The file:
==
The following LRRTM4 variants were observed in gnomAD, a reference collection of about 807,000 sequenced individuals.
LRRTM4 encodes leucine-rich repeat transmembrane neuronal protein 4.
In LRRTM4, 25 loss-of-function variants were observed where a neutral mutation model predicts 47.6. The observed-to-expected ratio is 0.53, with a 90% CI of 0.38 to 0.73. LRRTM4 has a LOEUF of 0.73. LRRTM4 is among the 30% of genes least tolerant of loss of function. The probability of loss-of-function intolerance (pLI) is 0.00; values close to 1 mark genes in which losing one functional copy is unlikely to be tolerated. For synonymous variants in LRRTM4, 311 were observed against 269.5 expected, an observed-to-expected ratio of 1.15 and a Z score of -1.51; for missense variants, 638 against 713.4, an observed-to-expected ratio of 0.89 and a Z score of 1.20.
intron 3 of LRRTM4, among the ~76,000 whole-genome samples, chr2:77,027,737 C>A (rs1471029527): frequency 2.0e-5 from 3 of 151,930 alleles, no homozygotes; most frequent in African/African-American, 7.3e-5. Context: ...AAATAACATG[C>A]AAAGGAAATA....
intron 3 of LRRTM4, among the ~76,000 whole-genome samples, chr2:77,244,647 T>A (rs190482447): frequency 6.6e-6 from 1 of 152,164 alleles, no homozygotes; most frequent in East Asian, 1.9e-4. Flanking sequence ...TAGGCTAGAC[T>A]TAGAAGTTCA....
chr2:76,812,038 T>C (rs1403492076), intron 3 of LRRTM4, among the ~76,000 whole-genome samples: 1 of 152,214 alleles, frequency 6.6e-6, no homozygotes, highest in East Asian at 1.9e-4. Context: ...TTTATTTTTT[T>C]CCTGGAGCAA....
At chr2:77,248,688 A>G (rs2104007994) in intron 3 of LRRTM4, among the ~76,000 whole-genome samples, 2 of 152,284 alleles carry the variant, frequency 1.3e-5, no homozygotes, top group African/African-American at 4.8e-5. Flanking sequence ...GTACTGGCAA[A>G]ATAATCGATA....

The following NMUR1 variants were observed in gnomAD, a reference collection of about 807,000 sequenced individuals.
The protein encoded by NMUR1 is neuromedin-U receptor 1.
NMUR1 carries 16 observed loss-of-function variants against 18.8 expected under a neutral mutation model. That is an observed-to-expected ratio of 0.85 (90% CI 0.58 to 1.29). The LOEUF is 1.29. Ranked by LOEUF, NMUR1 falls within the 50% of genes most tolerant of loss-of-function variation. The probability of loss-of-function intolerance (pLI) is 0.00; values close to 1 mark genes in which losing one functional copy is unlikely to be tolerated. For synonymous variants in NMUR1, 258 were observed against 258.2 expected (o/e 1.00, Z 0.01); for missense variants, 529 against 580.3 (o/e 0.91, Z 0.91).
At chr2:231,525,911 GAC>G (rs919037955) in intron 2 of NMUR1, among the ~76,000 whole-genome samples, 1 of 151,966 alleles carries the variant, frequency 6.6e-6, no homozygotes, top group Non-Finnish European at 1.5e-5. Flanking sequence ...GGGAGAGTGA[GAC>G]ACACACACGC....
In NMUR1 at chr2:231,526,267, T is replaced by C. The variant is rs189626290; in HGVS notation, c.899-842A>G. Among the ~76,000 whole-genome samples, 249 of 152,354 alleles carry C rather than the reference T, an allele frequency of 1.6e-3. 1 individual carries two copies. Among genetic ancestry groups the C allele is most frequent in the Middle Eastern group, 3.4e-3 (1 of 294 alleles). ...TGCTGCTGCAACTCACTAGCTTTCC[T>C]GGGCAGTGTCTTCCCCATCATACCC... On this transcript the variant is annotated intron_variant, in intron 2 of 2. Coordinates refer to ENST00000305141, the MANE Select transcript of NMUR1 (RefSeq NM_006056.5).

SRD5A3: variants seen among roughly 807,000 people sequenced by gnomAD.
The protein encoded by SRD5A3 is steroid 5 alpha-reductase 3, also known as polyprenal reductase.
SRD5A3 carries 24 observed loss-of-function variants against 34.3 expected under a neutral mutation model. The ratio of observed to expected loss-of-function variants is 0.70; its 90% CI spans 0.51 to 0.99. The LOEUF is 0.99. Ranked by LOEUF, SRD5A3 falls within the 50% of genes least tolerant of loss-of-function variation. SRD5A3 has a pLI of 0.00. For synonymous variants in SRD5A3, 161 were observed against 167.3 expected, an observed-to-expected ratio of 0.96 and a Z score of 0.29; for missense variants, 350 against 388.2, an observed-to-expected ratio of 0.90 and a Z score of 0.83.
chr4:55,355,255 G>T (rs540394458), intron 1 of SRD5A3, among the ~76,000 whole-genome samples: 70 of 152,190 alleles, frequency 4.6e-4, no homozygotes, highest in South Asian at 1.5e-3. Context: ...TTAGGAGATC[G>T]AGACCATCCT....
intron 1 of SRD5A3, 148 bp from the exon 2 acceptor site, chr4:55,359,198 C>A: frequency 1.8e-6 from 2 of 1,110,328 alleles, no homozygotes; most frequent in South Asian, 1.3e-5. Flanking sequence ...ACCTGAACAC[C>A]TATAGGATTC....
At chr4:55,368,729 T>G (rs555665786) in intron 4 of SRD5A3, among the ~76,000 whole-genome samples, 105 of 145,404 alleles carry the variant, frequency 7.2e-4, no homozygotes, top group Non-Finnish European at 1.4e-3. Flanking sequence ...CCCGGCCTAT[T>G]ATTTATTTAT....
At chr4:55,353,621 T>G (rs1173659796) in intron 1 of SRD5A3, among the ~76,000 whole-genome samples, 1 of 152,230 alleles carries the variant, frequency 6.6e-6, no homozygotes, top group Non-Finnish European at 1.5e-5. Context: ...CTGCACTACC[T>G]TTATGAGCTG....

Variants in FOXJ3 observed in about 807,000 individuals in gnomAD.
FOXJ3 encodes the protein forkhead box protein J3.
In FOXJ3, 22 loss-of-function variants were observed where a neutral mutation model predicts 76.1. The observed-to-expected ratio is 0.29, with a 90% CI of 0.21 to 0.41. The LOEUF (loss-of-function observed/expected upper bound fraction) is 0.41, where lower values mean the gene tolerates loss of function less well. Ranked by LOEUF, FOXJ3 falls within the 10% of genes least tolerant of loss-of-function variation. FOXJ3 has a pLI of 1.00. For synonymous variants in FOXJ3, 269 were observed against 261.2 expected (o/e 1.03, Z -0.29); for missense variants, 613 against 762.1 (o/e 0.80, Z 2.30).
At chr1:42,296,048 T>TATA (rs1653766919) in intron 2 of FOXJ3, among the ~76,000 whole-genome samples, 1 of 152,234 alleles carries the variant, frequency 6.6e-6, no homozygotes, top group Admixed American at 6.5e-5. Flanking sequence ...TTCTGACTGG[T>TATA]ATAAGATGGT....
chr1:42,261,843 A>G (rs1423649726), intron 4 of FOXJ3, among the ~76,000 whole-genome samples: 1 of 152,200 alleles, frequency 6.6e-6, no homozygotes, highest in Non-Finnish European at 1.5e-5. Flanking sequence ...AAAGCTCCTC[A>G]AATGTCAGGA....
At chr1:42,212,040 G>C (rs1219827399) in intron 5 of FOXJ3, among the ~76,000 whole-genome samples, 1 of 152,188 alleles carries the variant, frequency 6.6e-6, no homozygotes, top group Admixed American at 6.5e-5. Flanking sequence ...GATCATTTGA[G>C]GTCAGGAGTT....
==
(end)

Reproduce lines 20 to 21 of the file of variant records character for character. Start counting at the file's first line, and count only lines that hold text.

Variants in FOXJ3 observed in about 807,000 individuals in gnomAD.
FOXJ3 encodes the protein forkhead box protein J3.